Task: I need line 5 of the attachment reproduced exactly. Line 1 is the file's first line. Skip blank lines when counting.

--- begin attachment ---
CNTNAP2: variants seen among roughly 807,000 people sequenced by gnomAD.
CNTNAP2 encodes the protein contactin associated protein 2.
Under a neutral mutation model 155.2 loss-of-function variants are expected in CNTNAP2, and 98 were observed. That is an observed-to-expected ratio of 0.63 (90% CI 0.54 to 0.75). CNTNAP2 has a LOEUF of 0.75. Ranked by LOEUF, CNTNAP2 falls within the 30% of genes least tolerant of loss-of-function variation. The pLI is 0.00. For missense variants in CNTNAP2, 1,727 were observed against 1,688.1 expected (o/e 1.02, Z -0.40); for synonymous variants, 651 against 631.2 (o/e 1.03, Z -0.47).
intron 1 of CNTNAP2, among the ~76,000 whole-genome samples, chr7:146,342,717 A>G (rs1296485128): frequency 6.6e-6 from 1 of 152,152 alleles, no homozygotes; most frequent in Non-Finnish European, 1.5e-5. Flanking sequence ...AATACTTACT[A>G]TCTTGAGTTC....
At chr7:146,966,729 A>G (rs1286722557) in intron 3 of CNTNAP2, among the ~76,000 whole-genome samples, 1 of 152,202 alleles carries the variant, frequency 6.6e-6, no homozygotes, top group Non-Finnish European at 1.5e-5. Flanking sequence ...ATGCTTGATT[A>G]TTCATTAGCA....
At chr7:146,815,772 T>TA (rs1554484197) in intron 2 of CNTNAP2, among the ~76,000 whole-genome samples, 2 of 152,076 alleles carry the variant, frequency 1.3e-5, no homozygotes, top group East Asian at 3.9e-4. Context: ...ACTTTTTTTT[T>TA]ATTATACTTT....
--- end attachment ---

At chr7:146,966,729 A>G (rs1286722557) in intron 3 of CNTNAP2, among the ~76,000 whole-genome samples, 1 of 152,202 alleles carries the variant, frequency 6.6e-6, no homozygotes, top group Non-Finnish European at 1.5e-5. Flanking sequence ...ATGCTTGATT[A>G]TTCATTAGCA....